Once I had experimented with various layouts and images, I designed the final one (below). The varied images demonstrate my abilities and more recent style I have been undertaking. This is important to portray my current style and let potential clients know that I can be consistent yet versatile. Images with purple tones break up the illustrations on plain white backgrounds in a symmetrical fashion. I believe this is effective, showing that not only I can use traditional methods to create my work, but also manipulate them in Photoshop to make them digital. There are enough images to demonstrate my work as an illustrator to hopefully capture the attention of potential clients and the general public who enjoy the work I create. Adding the brand name 'Carla Taylor Illustration' in the cover photo helps the viewer to understand who created the images, the most important aspect of my page.

Final cover photo design

After putting the cover photo onto my Facebook page, I realised that my logo design had been included twice at the top and was therefore unnecessary in the cover. So, I decided to change the logo image to one of my watercolour illustrations which fit into the design well, and think it works better.

New final cover photo design

Overall, I think this was a success. It is better for promoting my work as I understand it is unrealistic for everyone who views my page to scroll down and see every post, and therefore every piece of work I have created. This can be updated as I create more artwork so I can hopefully keep my 'likers' and new visitors up to date with my latest work.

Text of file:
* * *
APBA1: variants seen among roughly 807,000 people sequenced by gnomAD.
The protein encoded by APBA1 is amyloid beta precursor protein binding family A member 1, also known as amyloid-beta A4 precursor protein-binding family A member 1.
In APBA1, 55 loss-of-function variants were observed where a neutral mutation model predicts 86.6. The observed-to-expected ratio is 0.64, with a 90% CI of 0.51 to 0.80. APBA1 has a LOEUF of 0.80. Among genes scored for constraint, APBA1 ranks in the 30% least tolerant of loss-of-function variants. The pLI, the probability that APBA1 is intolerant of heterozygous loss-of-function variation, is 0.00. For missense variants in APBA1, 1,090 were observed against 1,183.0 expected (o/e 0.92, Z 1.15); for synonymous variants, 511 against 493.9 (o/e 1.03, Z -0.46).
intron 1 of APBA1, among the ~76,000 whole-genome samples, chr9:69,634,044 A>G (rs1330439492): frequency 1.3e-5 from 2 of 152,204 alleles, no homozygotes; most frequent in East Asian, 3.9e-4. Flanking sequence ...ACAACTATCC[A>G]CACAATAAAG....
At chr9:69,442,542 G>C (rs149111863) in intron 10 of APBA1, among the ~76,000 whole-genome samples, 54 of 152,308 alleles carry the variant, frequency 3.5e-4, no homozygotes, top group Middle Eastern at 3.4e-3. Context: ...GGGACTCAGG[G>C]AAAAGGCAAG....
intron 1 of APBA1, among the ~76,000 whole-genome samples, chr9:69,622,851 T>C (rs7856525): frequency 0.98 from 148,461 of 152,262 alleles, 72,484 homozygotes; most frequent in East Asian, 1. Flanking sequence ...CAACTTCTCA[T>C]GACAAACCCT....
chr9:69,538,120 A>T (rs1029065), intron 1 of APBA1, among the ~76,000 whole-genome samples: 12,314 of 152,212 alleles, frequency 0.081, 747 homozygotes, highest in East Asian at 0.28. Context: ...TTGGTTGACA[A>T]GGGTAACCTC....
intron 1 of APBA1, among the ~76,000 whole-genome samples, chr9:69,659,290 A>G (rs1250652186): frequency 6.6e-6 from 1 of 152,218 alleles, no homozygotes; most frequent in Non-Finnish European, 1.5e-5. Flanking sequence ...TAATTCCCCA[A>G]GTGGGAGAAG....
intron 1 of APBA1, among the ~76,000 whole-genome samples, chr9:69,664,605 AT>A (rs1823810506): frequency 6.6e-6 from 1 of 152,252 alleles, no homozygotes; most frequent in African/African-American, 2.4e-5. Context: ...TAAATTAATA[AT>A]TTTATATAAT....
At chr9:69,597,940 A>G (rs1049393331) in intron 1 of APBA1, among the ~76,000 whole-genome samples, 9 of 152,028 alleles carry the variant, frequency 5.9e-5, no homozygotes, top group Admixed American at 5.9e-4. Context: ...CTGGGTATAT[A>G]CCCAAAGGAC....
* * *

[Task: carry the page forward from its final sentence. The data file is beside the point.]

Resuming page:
You can view my Facebook page here:

To access Canva you can register for free and start creating your own designs here:

Saturday, 26 April 2014

Merging Newspaper Text with Reportage Illustration

Through researching into newspapers, I managed to collect several small artcicles about the missing flight MH370 and words which related to the news story. I found this very hard as I was looking at UK newspaper a few weeks after the initial crisis had happened, therefore the story had died down quite a lot. Even so, I managed to create a small composition from the articles/ text to make up a double page background.

Using the background image I overlaid some watercolour reportage illustration on Photoshop to experiment with the effects it could create.